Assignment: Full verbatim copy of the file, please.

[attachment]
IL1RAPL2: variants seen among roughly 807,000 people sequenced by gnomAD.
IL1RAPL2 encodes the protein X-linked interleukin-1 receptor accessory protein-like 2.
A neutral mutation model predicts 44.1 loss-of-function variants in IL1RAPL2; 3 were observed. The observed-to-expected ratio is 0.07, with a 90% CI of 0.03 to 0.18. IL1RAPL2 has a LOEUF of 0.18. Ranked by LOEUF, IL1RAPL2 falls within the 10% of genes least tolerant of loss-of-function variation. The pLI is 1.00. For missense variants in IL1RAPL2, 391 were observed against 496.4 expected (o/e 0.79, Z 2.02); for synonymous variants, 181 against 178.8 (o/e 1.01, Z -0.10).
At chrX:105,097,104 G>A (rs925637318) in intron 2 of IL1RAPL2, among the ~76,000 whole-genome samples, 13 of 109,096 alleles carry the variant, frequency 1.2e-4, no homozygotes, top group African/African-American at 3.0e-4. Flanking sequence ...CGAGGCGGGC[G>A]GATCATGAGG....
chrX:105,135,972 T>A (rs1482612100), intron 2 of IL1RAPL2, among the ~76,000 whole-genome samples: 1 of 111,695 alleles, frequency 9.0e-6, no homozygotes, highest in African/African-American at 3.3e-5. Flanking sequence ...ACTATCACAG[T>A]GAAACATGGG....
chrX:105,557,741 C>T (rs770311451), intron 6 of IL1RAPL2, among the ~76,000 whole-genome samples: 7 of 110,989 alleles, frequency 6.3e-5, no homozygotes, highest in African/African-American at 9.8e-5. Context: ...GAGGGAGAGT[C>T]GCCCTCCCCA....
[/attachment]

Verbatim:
IL1RAPL2: variants seen among roughly 807,000 people sequenced by gnomAD.
IL1RAPL2 encodes the protein X-linked interleukin-1 receptor accessory protein-like 2.
A neutral mutation model predicts 44.1 loss-of-function variants in IL1RAPL2; 3 were observed. The observed-to-expected ratio is 0.07, with a 90% CI of 0.03 to 0.18. IL1RAPL2 has a LOEUF of 0.18. Ranked by LOEUF, IL1RAPL2 falls within the 10% of genes least tolerant of loss-of-function variation. The pLI is 1.00. For missense variants in IL1RAPL2, 391 were observed against 496.4 expected (o/e 0.79, Z 2.02); for synonymous variants, 181 against 178.8 (o/e 1.01, Z -0.10).
At chrX:105,097,104 G>A (rs925637318) in intron 2 of IL1RAPL2, among the ~76,000 whole-genome samples, 13 of 109,096 alleles carry the variant, frequency 1.2e-4, no homozygotes, top group African/African-American at 3.0e-4. Flanking sequence ...CGAGGCGGGC[G>A]GATCATGAGG....
chrX:105,135,972 T>A (rs1482612100), intron 2 of IL1RAPL2, among the ~76,000 whole-genome samples: 1 of 111,695 alleles, frequency 9.0e-6, no homozygotes, highest in African/African-American at 3.3e-5. Flanking sequence ...ACTATCACAG[T>A]GAAACATGGG....
chrX:105,557,741 C>T (rs770311451), intron 6 of IL1RAPL2, among the ~76,000 whole-genome samples: 7 of 110,989 alleles, frequency 6.3e-5, no homozygotes, highest in African/African-American at 9.8e-5. Context: ...GAGGGAGAGT[C>T]GCCCTCCCCA....